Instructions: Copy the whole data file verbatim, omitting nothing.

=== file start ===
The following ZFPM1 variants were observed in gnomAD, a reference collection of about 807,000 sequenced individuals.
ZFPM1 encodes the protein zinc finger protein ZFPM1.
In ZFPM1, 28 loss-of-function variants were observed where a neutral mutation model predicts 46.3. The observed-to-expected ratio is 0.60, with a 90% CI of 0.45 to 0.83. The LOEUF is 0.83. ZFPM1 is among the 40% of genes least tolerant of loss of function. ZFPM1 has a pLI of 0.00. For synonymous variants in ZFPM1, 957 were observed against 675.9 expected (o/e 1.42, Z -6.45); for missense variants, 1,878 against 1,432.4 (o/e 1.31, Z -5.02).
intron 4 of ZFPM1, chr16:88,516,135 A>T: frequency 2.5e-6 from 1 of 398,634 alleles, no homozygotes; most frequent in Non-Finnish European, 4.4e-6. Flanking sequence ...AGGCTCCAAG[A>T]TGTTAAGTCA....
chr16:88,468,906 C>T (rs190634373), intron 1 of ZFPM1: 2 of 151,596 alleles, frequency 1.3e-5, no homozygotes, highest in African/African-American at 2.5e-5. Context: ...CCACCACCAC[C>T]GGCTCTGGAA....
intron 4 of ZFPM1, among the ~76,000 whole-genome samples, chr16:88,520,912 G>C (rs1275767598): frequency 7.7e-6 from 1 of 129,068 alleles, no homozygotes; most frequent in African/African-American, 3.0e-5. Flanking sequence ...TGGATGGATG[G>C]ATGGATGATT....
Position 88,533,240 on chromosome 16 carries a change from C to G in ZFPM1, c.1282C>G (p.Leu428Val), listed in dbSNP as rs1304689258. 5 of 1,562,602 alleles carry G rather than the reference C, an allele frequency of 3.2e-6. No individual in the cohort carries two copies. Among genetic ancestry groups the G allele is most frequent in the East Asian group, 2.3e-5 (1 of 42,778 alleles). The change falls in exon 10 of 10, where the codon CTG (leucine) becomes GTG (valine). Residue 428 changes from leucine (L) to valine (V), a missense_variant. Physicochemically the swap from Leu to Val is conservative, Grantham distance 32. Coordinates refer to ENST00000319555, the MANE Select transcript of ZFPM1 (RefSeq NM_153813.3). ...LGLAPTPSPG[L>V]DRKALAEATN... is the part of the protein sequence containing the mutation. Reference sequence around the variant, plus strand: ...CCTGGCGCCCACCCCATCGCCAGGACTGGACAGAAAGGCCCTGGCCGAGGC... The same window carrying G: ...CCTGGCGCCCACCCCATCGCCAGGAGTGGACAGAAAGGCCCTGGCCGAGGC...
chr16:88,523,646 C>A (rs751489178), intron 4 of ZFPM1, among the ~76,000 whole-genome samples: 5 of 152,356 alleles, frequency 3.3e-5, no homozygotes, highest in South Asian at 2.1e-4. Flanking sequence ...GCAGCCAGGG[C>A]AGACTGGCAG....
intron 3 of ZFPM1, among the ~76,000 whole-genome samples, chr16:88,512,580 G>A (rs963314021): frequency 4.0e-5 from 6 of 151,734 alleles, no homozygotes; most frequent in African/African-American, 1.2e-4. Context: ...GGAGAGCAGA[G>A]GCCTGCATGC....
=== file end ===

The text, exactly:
The following ZFPM1 variants were observed in gnomAD, a reference collection of about 807,000 sequenced individuals.
ZFPM1 encodes the protein zinc finger protein ZFPM1.
In ZFPM1, 28 loss-of-function variants were observed where a neutral mutation model predicts 46.3. The observed-to-expected ratio is 0.60, with a 90% CI of 0.45 to 0.83. The LOEUF is 0.83. ZFPM1 is among the 40% of genes least tolerant of loss of function. ZFPM1 has a pLI of 0.00. For synonymous variants in ZFPM1, 957 were observed against 675.9 expected (o/e 1.42, Z -6.45); for missense variants, 1,878 against 1,432.4 (o/e 1.31, Z -5.02).
intron 4 of ZFPM1, chr16:88,516,135 A>T: frequency 2.5e-6 from 1 of 398,634 alleles, no homozygotes; most frequent in Non-Finnish European, 4.4e-6. Flanking sequence ...AGGCTCCAAG[A>T]TGTTAAGTCA....
chr16:88,468,906 C>T (rs190634373), intron 1 of ZFPM1: 2 of 151,596 alleles, frequency 1.3e-5, no homozygotes, highest in African/African-American at 2.5e-5. Context: ...CCACCACCAC[C>T]GGCTCTGGAA....
intron 4 of ZFPM1, among the ~76,000 whole-genome samples, chr16:88,520,912 G>C (rs1275767598): frequency 7.7e-6 from 1 of 129,068 alleles, no homozygotes; most frequent in African/African-American, 3.0e-5. Flanking sequence ...TGGATGGATG[G>C]ATGGATGATT....
Position 88,533,240 on chromosome 16 carries a change from C to G in ZFPM1, c.1282C>G (p.Leu428Val), listed in dbSNP as rs1304689258. 5 of 1,562,602 alleles carry G rather than the reference C, an allele frequency of 3.2e-6. No individual in the cohort carries two copies. Among genetic ancestry groups the G allele is most frequent in the East Asian group, 2.3e-5 (1 of 42,778 alleles). The change falls in exon 10 of 10, where the codon CTG (leucine) becomes GTG (valine). Residue 428 changes from leucine (L) to valine (V), a missense_variant. Physicochemically the swap from Leu to Val is conservative, Grantham distance 32. Coordinates refer to ENST00000319555, the MANE Select transcript of ZFPM1 (RefSeq NM_153813.3). ...LGLAPTPSPG[L>V]DRKALAEATN... is the part of the protein sequence containing the mutation. Reference sequence around the variant, plus strand: ...CCTGGCGCCCACCCCATCGCCAGGACTGGACAGAAAGGCCCTGGCCGAGGC... The same window carrying G: ...CCTGGCGCCCACCCCATCGCCAGGAGTGGACAGAAAGGCCCTGGCCGAGGC...
chr16:88,523,646 C>A (rs751489178), intron 4 of ZFPM1, among the ~76,000 whole-genome samples: 5 of 152,356 alleles, frequency 3.3e-5, no homozygotes, highest in South Asian at 2.1e-4. Flanking sequence ...GCAGCCAGGG[C>A]AGACTGGCAG....
intron 3 of ZFPM1, among the ~76,000 whole-genome samples, chr16:88,512,580 G>A (rs963314021): frequency 4.0e-5 from 6 of 151,734 alleles, no homozygotes; most frequent in African/African-American, 1.2e-4. Context: ...GGAGAGCAGA[G>A]GCCTGCATGC....